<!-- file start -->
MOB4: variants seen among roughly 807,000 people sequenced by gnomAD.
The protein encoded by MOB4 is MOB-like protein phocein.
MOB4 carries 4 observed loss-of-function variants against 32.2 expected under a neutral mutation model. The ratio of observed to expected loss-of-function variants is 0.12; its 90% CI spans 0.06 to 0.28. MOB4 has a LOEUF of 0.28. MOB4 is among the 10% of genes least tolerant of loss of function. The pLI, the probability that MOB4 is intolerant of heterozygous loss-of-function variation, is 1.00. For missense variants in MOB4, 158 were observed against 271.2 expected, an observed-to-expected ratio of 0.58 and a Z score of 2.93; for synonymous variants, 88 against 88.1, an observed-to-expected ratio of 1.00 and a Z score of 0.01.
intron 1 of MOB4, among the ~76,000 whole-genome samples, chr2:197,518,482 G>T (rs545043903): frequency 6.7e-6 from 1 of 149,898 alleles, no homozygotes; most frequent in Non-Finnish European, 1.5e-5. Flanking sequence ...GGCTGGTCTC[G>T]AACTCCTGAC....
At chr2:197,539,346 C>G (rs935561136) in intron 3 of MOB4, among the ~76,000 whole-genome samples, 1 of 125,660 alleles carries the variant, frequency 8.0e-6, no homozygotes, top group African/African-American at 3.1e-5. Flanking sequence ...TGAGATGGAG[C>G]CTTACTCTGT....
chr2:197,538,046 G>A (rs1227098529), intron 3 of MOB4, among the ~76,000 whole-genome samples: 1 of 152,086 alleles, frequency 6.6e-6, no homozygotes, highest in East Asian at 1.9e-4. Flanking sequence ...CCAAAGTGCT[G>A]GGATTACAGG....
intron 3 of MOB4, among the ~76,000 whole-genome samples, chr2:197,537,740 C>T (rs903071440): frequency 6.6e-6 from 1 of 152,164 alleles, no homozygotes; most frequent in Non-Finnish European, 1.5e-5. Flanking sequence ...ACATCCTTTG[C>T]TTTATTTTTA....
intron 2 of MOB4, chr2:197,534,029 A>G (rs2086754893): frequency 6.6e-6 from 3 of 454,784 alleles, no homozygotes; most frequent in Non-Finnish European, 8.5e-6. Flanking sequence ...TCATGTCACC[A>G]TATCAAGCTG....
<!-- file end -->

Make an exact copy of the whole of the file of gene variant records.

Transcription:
MOB4: variants seen among roughly 807,000 people sequenced by gnomAD.
The protein encoded by MOB4 is MOB-like protein phocein.
MOB4 carries 4 observed loss-of-function variants against 32.2 expected under a neutral mutation model. The ratio of observed to expected loss-of-function variants is 0.12; its 90% CI spans 0.06 to 0.28. MOB4 has a LOEUF of 0.28. MOB4 is among the 10% of genes least tolerant of loss of function. The pLI, the probability that MOB4 is intolerant of heterozygous loss-of-function variation, is 1.00. For missense variants in MOB4, 158 were observed against 271.2 expected, an observed-to-expected ratio of 0.58 and a Z score of 2.93; for synonymous variants, 88 against 88.1, an observed-to-expected ratio of 1.00 and a Z score of 0.01.
intron 1 of MOB4, among the ~76,000 whole-genome samples, chr2:197,518,482 G>T (rs545043903): frequency 6.7e-6 from 1 of 149,898 alleles, no homozygotes; most frequent in Non-Finnish European, 1.5e-5. Flanking sequence ...GGCTGGTCTC[G>T]AACTCCTGAC....
At chr2:197,539,346 C>G (rs935561136) in intron 3 of MOB4, among the ~76,000 whole-genome samples, 1 of 125,660 alleles carries the variant, frequency 8.0e-6, no homozygotes, top group African/African-American at 3.1e-5. Flanking sequence ...TGAGATGGAG[C>G]CTTACTCTGT....
chr2:197,538,046 G>A (rs1227098529), intron 3 of MOB4, among the ~76,000 whole-genome samples: 1 of 152,086 alleles, frequency 6.6e-6, no homozygotes, highest in East Asian at 1.9e-4. Flanking sequence ...CCAAAGTGCT[G>A]GGATTACAGG....
intron 3 of MOB4, among the ~76,000 whole-genome samples, chr2:197,537,740 C>T (rs903071440): frequency 6.6e-6 from 1 of 152,164 alleles, no homozygotes; most frequent in Non-Finnish European, 1.5e-5. Flanking sequence ...ACATCCTTTG[C>T]TTTATTTTTA....
intron 2 of MOB4, chr2:197,534,029 A>G (rs2086754893): frequency 6.6e-6 from 3 of 454,784 alleles, no homozygotes; most frequent in Non-Finnish European, 8.5e-6. Flanking sequence ...TCATGTCACC[A>G]TATCAAGCTG....